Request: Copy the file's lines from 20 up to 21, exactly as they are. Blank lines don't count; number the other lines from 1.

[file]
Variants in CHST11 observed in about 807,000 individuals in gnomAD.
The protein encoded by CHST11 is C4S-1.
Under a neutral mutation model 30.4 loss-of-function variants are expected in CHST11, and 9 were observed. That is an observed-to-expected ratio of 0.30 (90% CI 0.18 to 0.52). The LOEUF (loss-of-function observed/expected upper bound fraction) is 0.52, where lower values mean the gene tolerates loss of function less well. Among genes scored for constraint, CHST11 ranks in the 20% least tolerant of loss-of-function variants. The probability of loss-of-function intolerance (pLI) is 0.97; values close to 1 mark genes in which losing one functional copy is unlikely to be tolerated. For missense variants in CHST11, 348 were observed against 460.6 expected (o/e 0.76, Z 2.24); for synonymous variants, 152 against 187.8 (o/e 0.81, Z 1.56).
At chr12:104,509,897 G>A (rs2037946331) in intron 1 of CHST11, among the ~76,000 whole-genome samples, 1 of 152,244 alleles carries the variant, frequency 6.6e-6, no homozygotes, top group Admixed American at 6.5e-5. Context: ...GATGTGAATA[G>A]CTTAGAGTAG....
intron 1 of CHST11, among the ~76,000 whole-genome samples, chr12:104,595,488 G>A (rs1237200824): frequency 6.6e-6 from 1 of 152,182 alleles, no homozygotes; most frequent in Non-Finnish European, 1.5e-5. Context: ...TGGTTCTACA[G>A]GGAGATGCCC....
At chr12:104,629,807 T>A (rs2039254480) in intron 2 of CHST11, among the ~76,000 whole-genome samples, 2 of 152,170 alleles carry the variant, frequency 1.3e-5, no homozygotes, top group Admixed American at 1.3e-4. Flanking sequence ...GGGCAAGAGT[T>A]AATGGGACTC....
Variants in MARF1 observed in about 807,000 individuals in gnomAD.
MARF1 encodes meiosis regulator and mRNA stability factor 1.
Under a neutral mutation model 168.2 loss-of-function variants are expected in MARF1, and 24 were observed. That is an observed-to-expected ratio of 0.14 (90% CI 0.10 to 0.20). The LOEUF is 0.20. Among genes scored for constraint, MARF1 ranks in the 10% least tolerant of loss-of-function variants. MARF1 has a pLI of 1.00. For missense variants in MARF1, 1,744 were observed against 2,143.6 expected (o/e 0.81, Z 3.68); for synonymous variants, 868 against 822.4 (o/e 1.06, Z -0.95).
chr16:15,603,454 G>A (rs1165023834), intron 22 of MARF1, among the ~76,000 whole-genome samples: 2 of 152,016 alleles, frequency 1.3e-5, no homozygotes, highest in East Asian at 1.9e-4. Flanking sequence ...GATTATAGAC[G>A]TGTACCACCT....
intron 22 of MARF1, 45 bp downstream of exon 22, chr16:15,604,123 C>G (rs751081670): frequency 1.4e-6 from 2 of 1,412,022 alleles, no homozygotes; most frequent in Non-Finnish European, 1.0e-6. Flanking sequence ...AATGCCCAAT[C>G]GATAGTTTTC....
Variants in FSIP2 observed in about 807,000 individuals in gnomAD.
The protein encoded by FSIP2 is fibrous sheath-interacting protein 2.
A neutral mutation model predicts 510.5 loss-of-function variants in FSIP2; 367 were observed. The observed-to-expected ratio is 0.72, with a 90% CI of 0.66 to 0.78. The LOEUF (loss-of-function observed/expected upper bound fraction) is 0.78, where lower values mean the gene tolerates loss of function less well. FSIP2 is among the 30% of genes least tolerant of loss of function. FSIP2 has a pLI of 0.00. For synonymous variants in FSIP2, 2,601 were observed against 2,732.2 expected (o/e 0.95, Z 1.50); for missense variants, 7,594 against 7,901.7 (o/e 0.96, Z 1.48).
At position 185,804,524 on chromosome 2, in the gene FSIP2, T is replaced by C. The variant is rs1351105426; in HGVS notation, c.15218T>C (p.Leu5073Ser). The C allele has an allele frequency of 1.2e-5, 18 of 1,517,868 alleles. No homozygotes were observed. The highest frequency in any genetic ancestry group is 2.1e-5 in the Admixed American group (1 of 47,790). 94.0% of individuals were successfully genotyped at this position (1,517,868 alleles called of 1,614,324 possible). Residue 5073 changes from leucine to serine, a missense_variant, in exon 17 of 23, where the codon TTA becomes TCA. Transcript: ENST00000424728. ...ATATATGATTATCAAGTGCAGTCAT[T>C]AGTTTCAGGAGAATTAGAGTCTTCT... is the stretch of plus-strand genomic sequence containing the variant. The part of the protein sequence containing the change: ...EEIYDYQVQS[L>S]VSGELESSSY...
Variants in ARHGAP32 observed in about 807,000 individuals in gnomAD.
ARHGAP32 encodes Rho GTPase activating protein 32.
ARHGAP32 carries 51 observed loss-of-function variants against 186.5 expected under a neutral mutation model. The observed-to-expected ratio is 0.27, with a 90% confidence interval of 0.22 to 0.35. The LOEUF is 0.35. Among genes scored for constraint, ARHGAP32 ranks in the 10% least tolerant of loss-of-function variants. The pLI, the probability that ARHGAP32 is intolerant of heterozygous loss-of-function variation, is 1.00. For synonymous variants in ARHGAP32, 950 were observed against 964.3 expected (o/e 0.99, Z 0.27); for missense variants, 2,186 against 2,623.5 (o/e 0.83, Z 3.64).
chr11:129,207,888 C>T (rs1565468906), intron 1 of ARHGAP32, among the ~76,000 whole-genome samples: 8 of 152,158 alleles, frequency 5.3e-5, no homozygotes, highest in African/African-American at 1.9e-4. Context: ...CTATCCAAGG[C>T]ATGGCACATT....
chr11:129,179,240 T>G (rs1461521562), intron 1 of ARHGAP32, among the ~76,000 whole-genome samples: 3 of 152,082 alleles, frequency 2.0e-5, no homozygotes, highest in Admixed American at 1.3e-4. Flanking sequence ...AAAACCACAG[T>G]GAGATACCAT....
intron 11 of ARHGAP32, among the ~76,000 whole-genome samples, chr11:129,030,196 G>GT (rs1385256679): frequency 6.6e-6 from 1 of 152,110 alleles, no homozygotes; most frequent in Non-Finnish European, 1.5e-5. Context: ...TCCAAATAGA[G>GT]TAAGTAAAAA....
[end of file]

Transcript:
chr11:129,179,240 T>G (rs1461521562), intron 1 of ARHGAP32, among the ~76,000 whole-genome samples: 3 of 152,082 alleles, frequency 2.0e-5, no homozygotes, highest in Admixed American at 1.3e-4. Flanking sequence ...AAAACCACAG[T>G]GAGATACCAT....
intron 11 of ARHGAP32, among the ~76,000 whole-genome samples, chr11:129,030,196 G>GT (rs1385256679): frequency 6.6e-6 from 1 of 152,110 alleles, no homozygotes; most frequent in Non-Finnish European, 1.5e-5. Context: ...TCCAAATAGA[G>GT]TAAGTAAAAA....